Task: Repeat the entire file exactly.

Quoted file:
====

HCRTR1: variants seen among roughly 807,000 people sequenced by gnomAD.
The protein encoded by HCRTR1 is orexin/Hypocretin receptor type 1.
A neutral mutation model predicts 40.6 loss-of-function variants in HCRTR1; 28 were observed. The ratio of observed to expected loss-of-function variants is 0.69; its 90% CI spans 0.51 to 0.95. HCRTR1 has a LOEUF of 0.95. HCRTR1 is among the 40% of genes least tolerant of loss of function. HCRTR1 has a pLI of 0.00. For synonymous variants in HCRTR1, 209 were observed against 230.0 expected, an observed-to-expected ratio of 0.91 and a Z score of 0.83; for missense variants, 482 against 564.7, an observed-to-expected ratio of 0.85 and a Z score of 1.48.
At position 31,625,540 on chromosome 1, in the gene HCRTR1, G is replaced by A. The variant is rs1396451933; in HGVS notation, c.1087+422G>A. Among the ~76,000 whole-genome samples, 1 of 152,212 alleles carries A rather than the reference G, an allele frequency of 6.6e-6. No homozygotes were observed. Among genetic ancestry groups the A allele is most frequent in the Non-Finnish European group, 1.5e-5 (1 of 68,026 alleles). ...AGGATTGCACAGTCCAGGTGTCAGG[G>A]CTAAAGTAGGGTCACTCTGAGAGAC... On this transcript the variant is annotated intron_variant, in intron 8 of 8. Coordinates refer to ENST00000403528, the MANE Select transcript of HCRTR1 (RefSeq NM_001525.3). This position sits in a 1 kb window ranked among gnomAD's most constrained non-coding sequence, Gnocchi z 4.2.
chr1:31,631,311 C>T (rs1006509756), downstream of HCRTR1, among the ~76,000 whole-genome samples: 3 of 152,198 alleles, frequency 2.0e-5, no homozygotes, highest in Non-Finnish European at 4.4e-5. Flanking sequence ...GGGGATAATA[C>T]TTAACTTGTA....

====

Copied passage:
HCRTR1: variants seen among roughly 807,000 people sequenced by gnomAD.
The protein encoded by HCRTR1 is orexin/Hypocretin receptor type 1.
A neutral mutation model predicts 40.6 loss-of-function variants in HCRTR1; 28 were observed. The ratio of observed to expected loss-of-function variants is 0.69; its 90% CI spans 0.51 to 0.95. HCRTR1 has a LOEUF of 0.95. HCRTR1 is among the 40% of genes least tolerant of loss of function. HCRTR1 has a pLI of 0.00. For synonymous variants in HCRTR1, 209 were observed against 230.0 expected, an observed-to-expected ratio of 0.91 and a Z score of 0.83; for missense variants, 482 against 564.7, an observed-to-expected ratio of 0.85 and a Z score of 1.48.
At position 31,625,540 on chromosome 1, in the gene HCRTR1, G is replaced by A. The variant is rs1396451933; in HGVS notation, c.1087+422G>A. Among the ~76,000 whole-genome samples, 1 of 152,212 alleles carries A rather than the reference G, an allele frequency of 6.6e-6. No homozygotes were observed. Among genetic ancestry groups the A allele is most frequent in the Non-Finnish European group, 1.5e-5 (1 of 68,026 alleles). ...AGGATTGCACAGTCCAGGTGTCAGG[G>A]CTAAAGTAGGGTCACTCTGAGAGAC... On this transcript the variant is annotated intron_variant, in intron 8 of 8. Coordinates refer to ENST00000403528, the MANE Select transcript of HCRTR1 (RefSeq NM_001525.3). This position sits in a 1 kb window ranked among gnomAD's most constrained non-coding sequence, Gnocchi z 4.2.
chr1:31,631,311 C>T (rs1006509756), downstream of HCRTR1, among the ~76,000 whole-genome samples: 3 of 152,198 alleles, frequency 2.0e-5, no homozygotes, highest in Non-Finnish European at 4.4e-5. Flanking sequence ...GGGGATAATA[C>T]TTAACTTGTA....